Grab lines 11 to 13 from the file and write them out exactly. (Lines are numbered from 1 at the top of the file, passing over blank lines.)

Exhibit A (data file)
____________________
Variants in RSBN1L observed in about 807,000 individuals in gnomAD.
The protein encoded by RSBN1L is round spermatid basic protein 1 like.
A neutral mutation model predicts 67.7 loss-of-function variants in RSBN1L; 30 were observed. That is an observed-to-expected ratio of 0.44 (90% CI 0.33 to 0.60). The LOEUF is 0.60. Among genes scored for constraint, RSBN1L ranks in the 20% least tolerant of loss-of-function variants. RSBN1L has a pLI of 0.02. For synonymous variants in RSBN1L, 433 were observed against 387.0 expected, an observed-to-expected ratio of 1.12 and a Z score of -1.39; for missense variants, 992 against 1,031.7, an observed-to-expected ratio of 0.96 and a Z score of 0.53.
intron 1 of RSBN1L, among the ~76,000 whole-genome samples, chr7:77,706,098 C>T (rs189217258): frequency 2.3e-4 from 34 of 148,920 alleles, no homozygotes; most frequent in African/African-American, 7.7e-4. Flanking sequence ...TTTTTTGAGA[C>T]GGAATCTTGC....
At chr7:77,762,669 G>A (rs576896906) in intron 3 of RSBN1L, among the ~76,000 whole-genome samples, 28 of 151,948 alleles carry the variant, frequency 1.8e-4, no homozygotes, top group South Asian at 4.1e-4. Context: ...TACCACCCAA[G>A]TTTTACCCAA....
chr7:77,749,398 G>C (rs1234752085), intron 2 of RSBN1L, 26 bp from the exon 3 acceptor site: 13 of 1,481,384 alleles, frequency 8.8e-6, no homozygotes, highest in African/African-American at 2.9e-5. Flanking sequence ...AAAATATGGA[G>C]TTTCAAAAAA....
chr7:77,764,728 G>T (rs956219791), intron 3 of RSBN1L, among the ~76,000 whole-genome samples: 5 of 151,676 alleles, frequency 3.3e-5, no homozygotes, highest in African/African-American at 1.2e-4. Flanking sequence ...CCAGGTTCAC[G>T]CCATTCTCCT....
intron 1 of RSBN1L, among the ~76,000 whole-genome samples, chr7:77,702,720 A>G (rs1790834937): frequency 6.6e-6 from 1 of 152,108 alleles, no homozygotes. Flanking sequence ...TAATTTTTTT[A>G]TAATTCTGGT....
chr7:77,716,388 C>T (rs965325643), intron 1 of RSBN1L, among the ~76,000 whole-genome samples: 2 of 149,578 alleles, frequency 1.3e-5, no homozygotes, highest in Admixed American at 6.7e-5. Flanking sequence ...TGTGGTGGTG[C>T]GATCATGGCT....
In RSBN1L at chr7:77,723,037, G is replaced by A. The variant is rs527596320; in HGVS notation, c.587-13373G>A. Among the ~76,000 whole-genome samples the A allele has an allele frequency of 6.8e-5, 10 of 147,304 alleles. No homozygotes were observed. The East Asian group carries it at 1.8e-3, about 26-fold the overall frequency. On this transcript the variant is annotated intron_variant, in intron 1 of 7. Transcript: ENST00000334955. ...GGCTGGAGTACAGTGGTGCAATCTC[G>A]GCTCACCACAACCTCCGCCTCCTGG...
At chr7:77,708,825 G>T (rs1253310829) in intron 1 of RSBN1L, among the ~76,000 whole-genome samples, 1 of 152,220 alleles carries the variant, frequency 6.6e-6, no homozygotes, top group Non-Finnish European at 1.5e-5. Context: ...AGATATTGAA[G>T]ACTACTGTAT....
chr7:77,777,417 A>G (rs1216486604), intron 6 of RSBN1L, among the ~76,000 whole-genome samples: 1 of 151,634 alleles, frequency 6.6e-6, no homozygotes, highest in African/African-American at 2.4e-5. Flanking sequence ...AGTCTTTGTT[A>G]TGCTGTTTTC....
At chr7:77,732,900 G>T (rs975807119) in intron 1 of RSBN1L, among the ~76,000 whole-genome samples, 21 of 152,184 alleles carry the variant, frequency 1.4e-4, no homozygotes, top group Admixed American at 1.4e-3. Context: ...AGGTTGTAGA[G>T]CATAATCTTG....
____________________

At chr7:77,708,825 G>T (rs1253310829) in intron 1 of RSBN1L, among the ~76,000 whole-genome samples, 1 of 152,220 alleles carries the variant, frequency 6.6e-6, no homozygotes, top group Non-Finnish European at 1.5e-5. Context: ...AGATATTGAA[G>T]ACTACTGTAT....
chr7:77,777,417 A>G (rs1216486604), intron 6 of RSBN1L, among the ~76,000 whole-genome samples: 1 of 151,634 alleles, frequency 6.6e-6, no homozygotes, highest in African/African-American at 2.4e-5. Flanking sequence ...AGTCTTTGTT[A>G]TGCTGTTTTC....
At chr7:77,732,900 G>T (rs975807119) in intron 1 of RSBN1L, among the ~76,000 whole-genome samples, 21 of 152,184 alleles carry the variant, frequency 1.4e-4, no homozygotes, top group Admixed American at 1.4e-3. Context: ...AGGTTGTAGA[G>T]CATAATCTTG....